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How Microsoft’s new certification program affects Exchange admins

Microsoft recently updated its certification program, but what does that mean for Exchange admins? Long-time expert and MVP Tony Redmond chimes in.

Back in April, Microsoft revamped its certification program to address the heightened interest in cloud technologies among corporate IT shops. And not only are there three new levels of certification -- the Microsoft Certified Solutions Associate (MCSA), the Microsoft Certified Solutions Expert (MCSE) and the Microsoft Certified Solutions Master (MCSM) -- IT pros also require recertification.

But how do the certification changes affect Exchange administrators and the Microsoft admin job market? sat down with Exchange expert Tony Redmond at The Expert’s Conference in San Diego earlier this month to discuss. Why is Microsoft picking this time to introduce new certifications?

Tony Redmond: [Microsoft] had a few problems. The first was the engineer thing. You can’t call them [engineers] in some countries, because those are actual accreditations where you need a four-year college degree. Another problem was that the program had lost credibility. With 450,000 MCSEs and no differentiation between any of them, that’s a problem for everyone.

There’s one more problem. The cloud is there, so [Microsoft has] got to reflect reality. All the focus in the past has been the classic deployment techniques for Windows. Do companies really care about certifications?

Redmond: When I was a hiring manager, I never cared. I put a much higher value on other attributes such as track records, past achievements, etc. This goes back to the point that I didn’t think much of the MCSE. I went for people who could communicate and be part of a team. MCSE was a checkbox kind-of-thing. It only added 2% to the equation. As a manager, [IT staff with MCSEs] would scare me. After they get [the certifications], lots of people want a raise or go for a new job. How does this affect Exchange admins and the overall admin job market?

Redmond: We’ll need time to see what happens. It’s like all programs -- they take time to improve themselves. There are certainly some good aspects. But in a year’s time, we’ll know people who have gone through the process. When you compare someone with an MCSE to someone who does not, who is better? You don’t have people trading info as to who is a good MCSE and who isn’t. From a personal level, I think achieving one of these certs gives a person a large deal of extra confidence. When you’ve got extra confidence, it helps you do your job better. As we mentioned, Microsoft has added a cloud certification. How does this play into the equation?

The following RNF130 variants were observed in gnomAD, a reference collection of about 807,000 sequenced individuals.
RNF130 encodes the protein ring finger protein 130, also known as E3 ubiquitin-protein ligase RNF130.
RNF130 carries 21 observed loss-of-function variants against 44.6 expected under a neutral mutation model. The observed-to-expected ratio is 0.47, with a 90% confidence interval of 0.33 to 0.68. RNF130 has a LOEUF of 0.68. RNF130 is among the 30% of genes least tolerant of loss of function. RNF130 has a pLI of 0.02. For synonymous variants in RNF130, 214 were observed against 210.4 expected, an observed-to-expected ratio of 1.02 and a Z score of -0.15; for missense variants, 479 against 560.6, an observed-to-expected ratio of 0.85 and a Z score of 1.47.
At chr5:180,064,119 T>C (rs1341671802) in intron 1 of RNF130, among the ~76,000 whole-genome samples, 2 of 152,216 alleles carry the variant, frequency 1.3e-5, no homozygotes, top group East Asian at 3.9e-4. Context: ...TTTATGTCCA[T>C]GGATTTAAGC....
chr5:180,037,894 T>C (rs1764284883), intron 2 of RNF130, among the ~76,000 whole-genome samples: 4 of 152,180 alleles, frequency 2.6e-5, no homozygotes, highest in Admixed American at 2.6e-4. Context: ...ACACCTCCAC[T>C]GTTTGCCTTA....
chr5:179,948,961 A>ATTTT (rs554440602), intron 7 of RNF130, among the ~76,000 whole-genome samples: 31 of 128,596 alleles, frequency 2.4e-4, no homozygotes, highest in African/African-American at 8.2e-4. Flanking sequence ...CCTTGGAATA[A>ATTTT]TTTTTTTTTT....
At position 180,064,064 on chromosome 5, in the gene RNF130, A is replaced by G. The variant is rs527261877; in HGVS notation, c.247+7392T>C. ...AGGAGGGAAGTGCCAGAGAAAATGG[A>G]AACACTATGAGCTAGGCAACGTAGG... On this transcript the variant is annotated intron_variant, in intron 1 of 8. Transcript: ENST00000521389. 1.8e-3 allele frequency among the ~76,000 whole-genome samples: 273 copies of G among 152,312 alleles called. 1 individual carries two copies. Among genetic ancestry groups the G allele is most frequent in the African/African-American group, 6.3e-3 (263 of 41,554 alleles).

Redmond: If a company is going to the cloud, they need to have a holistic view. In the U.S., labor laws are fast-hire, fast-fire. Most enlightened companies considering cloud will reskill and retrain their admins. Look at the real issues your company is facing and make sure these people can fix that. They should know about consumerization and BYOD, and be familiar with your company and know what they need to do to get the job done. Giving them other responsibilities will instill confidence in them to tackle other jobs if your company moves to the cloud.

My mantra has always been “adapt and you’ll prosper, if not, you’ll lose your job.” What else can you say about the revised cert program and how it pertains to Exchange admins?

Redmond: What are all the [Microsoft certification] boot camps going to do? Microsoft is trying to get away from the learning that condemned MCSE to mediocrity. People would pack up and pass all their exams. How rigorous is the new certification process? Will some of these boot camp companies still be able to offer them? Will MCSE still be a valuable certification? They’ve got to be able to guard the integrity of the program. They’ve got to come up with ways to quiz people in real-life practical situations. Things change as service packs roll out. How often are these tests refreshed?

Microsoft outsources a lot of the exam creation to experts. They create questions and approved answers, how [is Microsoft] going to make sure that this process doesn’t leak? Also, best practices evolve all the time. Everyone has their own way of doing things and some twists are better than others. It’s important to keep best practices alive, refreshed and current.

Interested in anything else Tony has to say? Check out his blog: thoughtsofanidlemind.

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